During the 1990s, Tanenbaum’s preference for limited press exposure became more difficult as he became increasingly active in the world of professional sports. One of his first forays came when he and some partners sought to acquire a National Basketball Association (NBA) team for Toronto. While the NBA rejected his bid to purchase and relocate an existing team, his interest led to the idea of creating a new Toronto-based franchise. However, Tanenbaum was deeply disappointed when a rival group, led by businessman John Bitove, won the bid for the new Toronto NBA franchise. Despite this setback, Tanenbaum managed to enter the professional sports world when KVN acquired a 12.5 per cent interest in the Toronto Maple Leafs and Maple Leaf Gardens from Steve Stavro. In 1998, Tanenbaum played an instrumental role in bringing the ownership of the Maple Leafs and Toronto Raptors together into a single ownership group, Maple Leaf Sports & Entertainment Ltd. (MLSE). The group oversaw the construction of the Air Canada Centre, a new stadium connected to Toronto’s central Union Station. In what colleagues described as a typical moment, Tanenbaum was not part of the group that publicly announced the deal that created MLSE, characteristically avoiding the spotlight. In 2003, Tanenbaum’s role in MLSE expanded further when he became chair of the board, replacing Stavro, who did not share Tanenbaum’s passion for basketball. The position occasionally requires that Tanenbaum address irate fans of Toronto’s sports franchises; for instance, in 2012, Tanenbaum penned a public letter personally apologizing for the performance of the Leafs. He has formed close ties with some athletes, famously using his private plane to help Raptors star Vince Carter attend his graduation ceremony and a playoff game on the same day.

Despite Tanenbaum’s preference for privacy, his profile means he occasionally becomes embroiled in political debates. The same year that Tanenbaum became chair of MLSE, it was alleged that a KVN-led consortium, Union Pearson Group, won the contract to lead the redevelopment of Union Station because of Tanenbaum’s personal connections to Toronto’s then mayor, Mel Lastman. Tanenbaum sat on the board of Borealis Capital Corp. with Lastman’s son, Dale. Ontario’s Ethics Commissioner eventually cleared the consortium of any ethical breach, though the incident exposed Tanenbaum to considerable political controversy.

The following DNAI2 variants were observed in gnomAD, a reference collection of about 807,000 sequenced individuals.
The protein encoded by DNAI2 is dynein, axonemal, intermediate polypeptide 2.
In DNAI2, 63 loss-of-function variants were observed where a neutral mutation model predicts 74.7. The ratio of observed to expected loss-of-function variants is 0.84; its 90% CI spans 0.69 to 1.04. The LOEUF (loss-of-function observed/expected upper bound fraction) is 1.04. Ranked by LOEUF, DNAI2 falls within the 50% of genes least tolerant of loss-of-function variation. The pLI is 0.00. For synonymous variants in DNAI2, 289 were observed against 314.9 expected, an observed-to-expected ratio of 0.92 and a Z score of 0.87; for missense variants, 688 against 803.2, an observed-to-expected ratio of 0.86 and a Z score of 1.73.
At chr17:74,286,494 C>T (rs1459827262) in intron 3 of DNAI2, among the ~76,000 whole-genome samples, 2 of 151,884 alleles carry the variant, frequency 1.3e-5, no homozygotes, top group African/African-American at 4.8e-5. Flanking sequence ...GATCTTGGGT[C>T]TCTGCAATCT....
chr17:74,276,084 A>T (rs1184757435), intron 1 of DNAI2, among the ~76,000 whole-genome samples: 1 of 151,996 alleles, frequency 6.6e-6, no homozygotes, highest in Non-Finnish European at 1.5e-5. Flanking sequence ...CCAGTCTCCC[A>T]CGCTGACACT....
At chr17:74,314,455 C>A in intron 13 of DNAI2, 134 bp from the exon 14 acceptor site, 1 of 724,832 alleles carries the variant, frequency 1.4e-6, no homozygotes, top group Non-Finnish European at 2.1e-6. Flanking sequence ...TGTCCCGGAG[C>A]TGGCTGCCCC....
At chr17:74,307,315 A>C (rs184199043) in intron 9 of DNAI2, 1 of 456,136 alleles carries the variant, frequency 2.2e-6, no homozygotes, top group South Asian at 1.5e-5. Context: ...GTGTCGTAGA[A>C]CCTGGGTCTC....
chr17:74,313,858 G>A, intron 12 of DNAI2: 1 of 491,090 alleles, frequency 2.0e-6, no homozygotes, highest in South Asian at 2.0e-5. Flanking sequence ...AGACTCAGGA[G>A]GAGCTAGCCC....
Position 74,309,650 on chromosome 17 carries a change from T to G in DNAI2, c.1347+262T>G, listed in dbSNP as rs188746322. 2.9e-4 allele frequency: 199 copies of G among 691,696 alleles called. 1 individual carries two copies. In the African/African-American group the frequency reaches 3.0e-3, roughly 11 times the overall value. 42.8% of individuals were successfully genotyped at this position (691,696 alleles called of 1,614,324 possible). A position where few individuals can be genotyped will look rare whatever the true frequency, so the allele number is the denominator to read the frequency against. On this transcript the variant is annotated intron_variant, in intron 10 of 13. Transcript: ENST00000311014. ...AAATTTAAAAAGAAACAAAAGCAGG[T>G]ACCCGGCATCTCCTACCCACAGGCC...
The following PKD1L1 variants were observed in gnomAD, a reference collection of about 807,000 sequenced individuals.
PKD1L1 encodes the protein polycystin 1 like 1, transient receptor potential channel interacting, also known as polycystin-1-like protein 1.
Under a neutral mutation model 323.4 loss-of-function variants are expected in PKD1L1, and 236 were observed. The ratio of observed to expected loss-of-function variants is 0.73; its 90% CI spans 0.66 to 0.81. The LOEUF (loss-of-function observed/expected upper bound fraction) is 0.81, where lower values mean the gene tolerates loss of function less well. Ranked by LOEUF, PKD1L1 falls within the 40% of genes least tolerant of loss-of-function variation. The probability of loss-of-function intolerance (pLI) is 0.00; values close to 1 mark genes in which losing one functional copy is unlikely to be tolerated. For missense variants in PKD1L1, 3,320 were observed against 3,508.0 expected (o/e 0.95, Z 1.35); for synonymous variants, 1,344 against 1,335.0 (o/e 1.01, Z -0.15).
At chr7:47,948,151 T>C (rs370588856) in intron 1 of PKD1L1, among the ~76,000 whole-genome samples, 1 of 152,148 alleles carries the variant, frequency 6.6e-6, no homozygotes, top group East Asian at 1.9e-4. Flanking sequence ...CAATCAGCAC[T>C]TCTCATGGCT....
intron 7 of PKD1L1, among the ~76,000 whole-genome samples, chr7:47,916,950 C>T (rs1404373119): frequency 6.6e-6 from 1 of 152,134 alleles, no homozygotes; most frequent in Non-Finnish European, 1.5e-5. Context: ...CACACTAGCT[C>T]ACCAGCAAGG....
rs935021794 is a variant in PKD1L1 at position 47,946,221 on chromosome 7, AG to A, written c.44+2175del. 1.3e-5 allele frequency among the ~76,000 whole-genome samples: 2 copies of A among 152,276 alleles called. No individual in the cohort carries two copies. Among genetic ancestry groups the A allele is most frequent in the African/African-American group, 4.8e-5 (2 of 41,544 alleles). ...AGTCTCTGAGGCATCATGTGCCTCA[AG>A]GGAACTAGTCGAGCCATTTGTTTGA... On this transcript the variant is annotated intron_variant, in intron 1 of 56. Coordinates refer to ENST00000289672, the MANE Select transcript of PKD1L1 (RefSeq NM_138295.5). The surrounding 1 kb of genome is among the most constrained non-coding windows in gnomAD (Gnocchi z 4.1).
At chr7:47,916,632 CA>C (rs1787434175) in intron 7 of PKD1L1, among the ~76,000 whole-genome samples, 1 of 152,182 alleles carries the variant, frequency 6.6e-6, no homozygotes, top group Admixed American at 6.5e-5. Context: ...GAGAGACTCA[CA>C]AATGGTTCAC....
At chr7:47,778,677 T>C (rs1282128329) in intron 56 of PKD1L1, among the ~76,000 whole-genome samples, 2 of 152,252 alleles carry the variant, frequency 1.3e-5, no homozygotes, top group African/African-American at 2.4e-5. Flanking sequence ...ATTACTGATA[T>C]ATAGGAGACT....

While leading MLSE, Tanenbaum continued to spearhead KVN. The firm further diversified beyond construction and sports into the world of private equity. In 2001, the firm launched Kilmer Capital Partners Ltd., a private equity firm with significant ties to major institutional investors such as pension fund OMERS (Ontario Municipal Employees Retirement System) and various Canadian banks.

Philanthropist and Public Life

Tanenbaum and his wife, Judy Susan Lieberman, have three children: Kenneth, Julie and Lisa. Together, the couple have strong connections to Toronto’s Mount Sinai Hospital, donating $25 million for biomedical research in 2006, and another $35 million in 2013, prompting the hospital to name their primary research institute the Lunenfeld-Tanenbaum Research Institute. In 2016, the couple donated $20 million to the Montreal Neurological Institute, creating the Tanenbaum Open Science Institute in conjunction with McGill University.

The family continues to contribute to the Jewish community, a tradition that stretched back to Abraham Tanenbaum, who donated money for schools and community centres. In 2006, Larry and Judy provided the UJA (United Jewish Appeal) Federation of Greater Toronto with a $50-million endowment, to help fund a variety of community and charitable initiatives.

Tanenbaum received an honorary Doctor of Laws from the University of Toronto in recognition for his philanthropic work, including over $5 million in support of the university’s Centre for Jewish Studies.